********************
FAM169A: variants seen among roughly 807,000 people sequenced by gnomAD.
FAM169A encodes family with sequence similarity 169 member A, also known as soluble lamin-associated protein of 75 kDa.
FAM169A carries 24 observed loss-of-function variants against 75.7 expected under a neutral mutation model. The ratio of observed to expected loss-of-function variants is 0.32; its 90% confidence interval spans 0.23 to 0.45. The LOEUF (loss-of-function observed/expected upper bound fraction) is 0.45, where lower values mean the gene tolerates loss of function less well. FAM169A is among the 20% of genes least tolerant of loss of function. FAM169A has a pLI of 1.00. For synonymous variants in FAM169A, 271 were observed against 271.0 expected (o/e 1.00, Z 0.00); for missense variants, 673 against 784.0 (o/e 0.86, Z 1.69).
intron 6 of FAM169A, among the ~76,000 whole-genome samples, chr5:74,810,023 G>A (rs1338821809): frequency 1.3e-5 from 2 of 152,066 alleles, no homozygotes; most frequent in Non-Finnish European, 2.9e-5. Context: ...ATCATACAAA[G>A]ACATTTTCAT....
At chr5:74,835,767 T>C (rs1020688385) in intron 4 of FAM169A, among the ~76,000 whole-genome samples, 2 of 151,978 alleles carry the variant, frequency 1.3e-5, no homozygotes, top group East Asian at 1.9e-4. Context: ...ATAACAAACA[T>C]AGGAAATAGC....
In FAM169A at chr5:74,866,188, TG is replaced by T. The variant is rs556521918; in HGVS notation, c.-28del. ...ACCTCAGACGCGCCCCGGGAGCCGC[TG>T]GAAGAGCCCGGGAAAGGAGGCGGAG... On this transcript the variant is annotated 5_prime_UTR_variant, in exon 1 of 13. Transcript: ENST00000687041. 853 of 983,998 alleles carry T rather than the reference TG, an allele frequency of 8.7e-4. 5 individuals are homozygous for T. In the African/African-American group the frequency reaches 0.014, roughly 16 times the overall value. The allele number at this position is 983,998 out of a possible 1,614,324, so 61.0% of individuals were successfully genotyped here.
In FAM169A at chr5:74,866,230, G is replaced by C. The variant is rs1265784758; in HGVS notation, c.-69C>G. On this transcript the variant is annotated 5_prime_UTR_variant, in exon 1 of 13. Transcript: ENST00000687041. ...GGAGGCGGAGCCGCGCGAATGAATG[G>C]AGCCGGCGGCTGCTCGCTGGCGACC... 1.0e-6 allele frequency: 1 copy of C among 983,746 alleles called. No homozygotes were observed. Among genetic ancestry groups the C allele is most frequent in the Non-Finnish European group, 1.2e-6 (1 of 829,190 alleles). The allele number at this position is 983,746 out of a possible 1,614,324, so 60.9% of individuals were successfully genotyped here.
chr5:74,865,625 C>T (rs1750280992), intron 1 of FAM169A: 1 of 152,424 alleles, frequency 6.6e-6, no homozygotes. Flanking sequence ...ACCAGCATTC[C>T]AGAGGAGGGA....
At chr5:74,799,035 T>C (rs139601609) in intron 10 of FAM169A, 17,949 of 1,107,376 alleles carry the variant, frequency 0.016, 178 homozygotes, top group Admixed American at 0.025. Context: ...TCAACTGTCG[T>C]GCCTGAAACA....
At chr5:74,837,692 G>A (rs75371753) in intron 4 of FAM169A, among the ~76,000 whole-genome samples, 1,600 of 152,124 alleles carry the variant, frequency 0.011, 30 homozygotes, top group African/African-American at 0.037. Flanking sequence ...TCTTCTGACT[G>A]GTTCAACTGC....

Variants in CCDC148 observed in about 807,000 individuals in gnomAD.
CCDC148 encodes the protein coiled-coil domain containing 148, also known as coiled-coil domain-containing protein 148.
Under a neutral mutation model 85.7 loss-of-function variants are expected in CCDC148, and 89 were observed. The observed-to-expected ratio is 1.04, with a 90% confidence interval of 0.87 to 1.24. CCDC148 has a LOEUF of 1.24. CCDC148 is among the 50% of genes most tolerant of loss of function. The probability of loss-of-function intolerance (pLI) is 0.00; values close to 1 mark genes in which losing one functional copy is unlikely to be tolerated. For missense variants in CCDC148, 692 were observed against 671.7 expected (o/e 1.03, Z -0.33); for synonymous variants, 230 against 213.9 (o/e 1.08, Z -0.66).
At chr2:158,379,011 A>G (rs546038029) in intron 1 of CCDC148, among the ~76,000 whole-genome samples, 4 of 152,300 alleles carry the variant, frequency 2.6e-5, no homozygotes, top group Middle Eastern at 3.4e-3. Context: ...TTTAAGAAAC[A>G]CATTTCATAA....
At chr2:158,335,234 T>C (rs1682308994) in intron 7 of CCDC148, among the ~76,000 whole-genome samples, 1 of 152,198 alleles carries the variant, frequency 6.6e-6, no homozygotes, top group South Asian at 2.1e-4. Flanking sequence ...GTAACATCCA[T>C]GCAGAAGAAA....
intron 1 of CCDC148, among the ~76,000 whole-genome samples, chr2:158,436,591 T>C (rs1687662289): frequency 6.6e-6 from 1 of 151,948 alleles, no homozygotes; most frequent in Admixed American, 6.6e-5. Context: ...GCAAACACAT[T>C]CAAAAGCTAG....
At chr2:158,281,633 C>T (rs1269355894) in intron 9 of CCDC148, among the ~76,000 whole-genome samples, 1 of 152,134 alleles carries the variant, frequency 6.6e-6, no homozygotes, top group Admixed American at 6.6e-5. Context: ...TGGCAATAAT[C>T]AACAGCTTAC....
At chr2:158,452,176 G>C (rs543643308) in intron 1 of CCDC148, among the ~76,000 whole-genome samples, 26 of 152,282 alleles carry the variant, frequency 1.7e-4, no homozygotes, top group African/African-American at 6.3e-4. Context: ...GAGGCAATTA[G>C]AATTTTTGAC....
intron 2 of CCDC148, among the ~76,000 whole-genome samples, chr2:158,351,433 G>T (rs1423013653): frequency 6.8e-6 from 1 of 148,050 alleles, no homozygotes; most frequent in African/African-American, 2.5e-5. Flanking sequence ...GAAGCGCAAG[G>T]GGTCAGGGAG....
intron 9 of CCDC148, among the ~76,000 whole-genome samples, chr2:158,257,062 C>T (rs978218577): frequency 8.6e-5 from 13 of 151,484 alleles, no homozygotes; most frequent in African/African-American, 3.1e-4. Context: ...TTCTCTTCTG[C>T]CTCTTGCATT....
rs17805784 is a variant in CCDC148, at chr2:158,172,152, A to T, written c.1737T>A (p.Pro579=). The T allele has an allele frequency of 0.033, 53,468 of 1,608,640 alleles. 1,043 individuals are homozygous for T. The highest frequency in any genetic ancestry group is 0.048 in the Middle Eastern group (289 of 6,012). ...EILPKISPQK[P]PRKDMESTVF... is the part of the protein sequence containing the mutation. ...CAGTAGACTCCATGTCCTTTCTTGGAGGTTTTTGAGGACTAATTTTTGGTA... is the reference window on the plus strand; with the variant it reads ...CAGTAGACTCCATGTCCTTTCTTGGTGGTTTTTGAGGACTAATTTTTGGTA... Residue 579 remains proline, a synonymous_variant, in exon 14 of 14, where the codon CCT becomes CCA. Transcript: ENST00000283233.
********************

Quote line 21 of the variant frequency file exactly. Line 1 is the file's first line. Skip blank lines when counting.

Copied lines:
rs17805784 is a variant in CCDC148, at chr2:158,172,152, A to T, written c.1737T>A (p.Pro579=). The T allele has an allele frequency of 0.033, 53,468 of 1,608,640 alleles. 1,043 individuals are homozygous for T. The highest frequency in any genetic ancestry group is 0.048 in the Middle Eastern group (289 of 6,012). ...EILPKISPQK[P]PRKDMESTVF... is the part of the protein sequence containing the mutation. ...CAGTAGACTCCATGTCCTTTCTTGGAGGTTTTTGAGGACTAATTTTTGGTA... is the reference window on the plus strand; with the variant it reads ...CAGTAGACTCCATGTCCTTTCTTGGTGGTTTTTGAGGACTAATTTTTGGTA... Residue 579 remains proline, a synonymous_variant, in exon 14 of 14, where the codon CCT becomes CCA. Transcript: ENST00000283233.